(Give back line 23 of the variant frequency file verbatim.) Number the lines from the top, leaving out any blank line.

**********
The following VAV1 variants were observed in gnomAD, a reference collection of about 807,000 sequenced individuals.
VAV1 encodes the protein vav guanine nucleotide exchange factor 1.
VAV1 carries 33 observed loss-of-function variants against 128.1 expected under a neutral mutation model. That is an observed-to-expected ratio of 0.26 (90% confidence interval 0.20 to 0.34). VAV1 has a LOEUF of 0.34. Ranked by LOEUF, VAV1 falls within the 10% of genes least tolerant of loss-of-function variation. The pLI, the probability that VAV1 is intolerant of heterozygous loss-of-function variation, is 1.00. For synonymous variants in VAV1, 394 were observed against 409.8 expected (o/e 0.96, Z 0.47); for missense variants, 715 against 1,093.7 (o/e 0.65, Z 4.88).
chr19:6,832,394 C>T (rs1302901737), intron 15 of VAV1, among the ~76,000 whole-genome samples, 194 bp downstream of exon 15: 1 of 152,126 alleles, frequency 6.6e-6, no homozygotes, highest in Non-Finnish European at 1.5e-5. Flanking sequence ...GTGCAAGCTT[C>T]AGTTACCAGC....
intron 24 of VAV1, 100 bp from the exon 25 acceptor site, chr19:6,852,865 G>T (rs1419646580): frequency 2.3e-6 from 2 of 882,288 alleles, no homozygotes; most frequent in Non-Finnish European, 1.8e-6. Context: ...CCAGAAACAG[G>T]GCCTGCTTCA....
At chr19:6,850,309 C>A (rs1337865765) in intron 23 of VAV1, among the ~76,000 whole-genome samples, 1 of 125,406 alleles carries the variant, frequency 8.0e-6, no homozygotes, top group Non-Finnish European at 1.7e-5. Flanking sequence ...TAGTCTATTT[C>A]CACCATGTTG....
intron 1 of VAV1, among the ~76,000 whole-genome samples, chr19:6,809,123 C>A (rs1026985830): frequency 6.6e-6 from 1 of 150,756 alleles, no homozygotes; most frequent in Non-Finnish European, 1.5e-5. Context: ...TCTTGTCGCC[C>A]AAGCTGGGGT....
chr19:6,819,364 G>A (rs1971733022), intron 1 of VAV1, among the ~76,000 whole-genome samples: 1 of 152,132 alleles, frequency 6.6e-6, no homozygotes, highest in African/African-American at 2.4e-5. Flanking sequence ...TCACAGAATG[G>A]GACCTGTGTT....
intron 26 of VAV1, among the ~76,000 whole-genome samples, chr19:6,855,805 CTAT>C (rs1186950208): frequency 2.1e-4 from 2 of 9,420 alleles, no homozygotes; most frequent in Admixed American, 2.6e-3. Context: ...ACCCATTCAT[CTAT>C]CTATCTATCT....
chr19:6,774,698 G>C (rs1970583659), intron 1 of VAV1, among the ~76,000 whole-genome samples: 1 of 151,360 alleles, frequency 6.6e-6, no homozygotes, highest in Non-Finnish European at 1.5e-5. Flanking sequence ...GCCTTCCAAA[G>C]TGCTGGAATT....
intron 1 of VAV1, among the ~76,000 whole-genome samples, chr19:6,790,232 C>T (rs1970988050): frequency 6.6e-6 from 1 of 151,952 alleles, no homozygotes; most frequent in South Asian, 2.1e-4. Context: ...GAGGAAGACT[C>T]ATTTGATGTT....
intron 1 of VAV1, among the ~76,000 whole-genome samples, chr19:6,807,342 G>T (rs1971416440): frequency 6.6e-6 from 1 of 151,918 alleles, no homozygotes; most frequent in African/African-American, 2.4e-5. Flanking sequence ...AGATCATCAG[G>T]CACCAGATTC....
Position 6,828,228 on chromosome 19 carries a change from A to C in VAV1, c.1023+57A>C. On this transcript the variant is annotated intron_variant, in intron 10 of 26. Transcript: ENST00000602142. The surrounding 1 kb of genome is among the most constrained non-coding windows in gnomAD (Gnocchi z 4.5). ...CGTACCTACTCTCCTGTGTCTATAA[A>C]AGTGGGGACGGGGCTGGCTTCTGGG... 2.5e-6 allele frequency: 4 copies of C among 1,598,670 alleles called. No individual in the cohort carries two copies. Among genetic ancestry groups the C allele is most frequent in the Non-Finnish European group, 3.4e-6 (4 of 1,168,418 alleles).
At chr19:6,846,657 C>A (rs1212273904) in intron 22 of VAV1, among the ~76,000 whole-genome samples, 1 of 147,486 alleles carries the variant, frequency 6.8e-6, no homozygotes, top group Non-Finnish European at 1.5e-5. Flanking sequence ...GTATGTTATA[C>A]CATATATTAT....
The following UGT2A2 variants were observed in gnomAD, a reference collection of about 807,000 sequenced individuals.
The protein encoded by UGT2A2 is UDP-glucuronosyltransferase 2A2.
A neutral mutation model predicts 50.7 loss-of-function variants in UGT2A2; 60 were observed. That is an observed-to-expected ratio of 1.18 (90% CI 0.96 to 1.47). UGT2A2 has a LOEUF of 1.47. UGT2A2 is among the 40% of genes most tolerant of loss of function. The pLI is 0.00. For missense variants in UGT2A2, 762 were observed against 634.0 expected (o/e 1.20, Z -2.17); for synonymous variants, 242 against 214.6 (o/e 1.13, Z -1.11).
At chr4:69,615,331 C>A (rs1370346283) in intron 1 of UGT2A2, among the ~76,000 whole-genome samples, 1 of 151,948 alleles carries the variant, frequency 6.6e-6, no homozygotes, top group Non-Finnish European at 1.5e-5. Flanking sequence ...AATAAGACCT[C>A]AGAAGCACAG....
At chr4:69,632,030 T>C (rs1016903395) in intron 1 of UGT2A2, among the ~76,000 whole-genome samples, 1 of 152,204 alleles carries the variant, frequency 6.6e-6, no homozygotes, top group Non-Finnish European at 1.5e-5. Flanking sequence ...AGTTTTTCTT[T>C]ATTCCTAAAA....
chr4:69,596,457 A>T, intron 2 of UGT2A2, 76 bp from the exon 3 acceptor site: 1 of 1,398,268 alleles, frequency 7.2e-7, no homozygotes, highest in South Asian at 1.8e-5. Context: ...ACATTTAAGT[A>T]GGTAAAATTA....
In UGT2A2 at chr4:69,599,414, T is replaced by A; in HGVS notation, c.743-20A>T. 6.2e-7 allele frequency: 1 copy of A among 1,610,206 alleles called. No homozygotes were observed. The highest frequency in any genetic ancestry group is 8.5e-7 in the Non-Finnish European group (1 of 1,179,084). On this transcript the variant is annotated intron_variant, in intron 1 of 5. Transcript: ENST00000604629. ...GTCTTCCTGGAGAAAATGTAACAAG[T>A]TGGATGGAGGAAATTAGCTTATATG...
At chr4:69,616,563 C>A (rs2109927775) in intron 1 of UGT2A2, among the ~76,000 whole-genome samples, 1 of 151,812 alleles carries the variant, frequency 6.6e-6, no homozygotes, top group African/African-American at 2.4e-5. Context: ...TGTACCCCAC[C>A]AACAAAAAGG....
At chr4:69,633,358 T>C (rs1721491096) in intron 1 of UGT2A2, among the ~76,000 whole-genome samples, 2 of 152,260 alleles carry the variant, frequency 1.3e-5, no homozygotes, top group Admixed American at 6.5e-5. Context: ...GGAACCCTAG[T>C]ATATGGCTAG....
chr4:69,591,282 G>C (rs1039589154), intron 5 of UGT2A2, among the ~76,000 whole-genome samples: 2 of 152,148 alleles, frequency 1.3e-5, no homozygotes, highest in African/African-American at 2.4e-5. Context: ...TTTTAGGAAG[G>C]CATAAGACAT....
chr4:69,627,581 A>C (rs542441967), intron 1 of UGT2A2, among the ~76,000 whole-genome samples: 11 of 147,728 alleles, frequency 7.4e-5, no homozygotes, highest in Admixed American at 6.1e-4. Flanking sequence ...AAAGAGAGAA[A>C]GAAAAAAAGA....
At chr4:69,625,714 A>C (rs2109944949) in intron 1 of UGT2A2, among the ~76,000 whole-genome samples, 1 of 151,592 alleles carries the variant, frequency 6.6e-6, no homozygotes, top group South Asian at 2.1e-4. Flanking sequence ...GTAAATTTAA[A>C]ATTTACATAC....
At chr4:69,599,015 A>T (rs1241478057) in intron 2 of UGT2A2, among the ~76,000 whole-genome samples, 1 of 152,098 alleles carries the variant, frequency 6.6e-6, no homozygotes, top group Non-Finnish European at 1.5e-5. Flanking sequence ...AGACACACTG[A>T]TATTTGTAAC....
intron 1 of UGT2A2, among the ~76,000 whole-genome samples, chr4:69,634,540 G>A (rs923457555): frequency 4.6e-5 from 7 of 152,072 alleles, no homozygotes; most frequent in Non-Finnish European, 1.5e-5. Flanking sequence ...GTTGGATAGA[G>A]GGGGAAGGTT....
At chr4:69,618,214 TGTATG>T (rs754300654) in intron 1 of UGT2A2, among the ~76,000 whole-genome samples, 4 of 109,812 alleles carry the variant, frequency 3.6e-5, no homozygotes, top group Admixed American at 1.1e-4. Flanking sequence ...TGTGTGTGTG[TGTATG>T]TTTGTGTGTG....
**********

At chr4:69,633,358 T>C (rs1721491096) in intron 1 of UGT2A2, among the ~76,000 whole-genome samples, 2 of 152,260 alleles carry the variant, frequency 1.3e-5, no homozygotes, top group Admixed American at 6.5e-5. Context: ...GGAACCCTAG[T>C]ATATGGCTAG....